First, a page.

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Shorting crypto stocks has resulted in “substantial” paper gains, but it’s becoming increasingly difficult to join the trend

Shorting cryptocurrency-related stocks has yielded “significant” mark-to-market gains this year, but those looking to participate in the action may have more trouble doing so in the future.

Short sellers in a basket of 15 crypto stocks including Coinbase Global Inc. COIN,
+5.18%,
MicroStrategy Inc. MSTR,
+4.67%,
and crypto miners such as Marathon Digital Holdings Inc. MARA,
-1.01%,
have posted paper gains of 126% year-to-date through Tuesday’s meeting, according to Ihor Dusanivsky, managing director of predictive analytics at S3 Partners.

In June alone, crypto shorts are up 42% and have posted paper gains of 16% based solely on Tuesday’s activity, which saw cryptocurrency stocks continue to suffer amid falling digital asset prices and a Coinbase layoff announcement.

See Also: Why Coinbase Is Laying 18% of Its Employees and What It Means for Crypto

bitcoin BTCUSD,
-5.72%,
The index, which fell 3.8% to an 18-month low on Wednesday morning, is down 33.1% in June and 54.1% this year.

Dusaniwsky noted that interest in crypto shorting has grown, citing $71 million in new short sales in less than two weeks of June.

“But because the pool of stock loans in these names is limited, potential short sellers may be late to the party due to the lack of significant ownership in the funds of the largest and most active stock lenders down the street,” he continued in a report. “While the negative price momentum in crypto stocks may not be over, the opportunity to short stocks for size may be over.”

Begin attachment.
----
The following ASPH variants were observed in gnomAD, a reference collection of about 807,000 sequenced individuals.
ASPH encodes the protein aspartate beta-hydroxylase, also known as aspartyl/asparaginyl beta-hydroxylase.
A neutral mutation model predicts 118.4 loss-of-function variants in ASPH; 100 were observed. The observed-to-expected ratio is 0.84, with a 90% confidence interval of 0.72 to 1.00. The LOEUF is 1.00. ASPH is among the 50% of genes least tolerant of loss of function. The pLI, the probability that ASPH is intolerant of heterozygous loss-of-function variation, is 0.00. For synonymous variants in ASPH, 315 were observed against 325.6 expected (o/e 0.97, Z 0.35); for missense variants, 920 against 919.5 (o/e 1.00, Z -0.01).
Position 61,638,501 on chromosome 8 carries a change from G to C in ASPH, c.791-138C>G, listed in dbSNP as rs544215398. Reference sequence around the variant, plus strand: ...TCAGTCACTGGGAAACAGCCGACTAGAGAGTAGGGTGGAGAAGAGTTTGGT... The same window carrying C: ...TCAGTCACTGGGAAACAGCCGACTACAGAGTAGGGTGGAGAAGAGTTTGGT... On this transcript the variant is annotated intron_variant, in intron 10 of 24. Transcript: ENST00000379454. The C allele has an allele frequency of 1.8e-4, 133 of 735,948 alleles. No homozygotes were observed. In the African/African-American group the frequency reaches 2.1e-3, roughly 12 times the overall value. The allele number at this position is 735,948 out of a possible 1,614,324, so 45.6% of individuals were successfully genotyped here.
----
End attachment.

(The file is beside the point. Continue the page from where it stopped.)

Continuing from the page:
Dusaniwsky pointed to 91% stock lending utilization among crypto names. “There are some stocks available to borrow to cover short sales,” he noted, but “shorting at scale will be difficult to execute and stock borrowing rates will be more expensive for both new and existing shorts.”

Read: Half of Bitcoin Holders on Coinbase Exchange Could Take a Loss, Says Mizuho

Stock lending trends mean that “short exposure to these stocks will not increase dramatically going forward,” he wrote, meaning that “shorting these stocks will become more expensive and take a larger share of the expected alpha.” As such, he expects continued declines in crypto stocks to be the result of longs, not shorts, selling their shares. Read more about the mechanics of short selling.

Should crypto stocks rally, Dusaniwsky expects “a flurry of buy-to-covers as short sellers seek to realize their significant gains.” He added: “[s]Hoard sellers should not be blamed for short-term price moves lower, but they could be an active participant in future rallies.”

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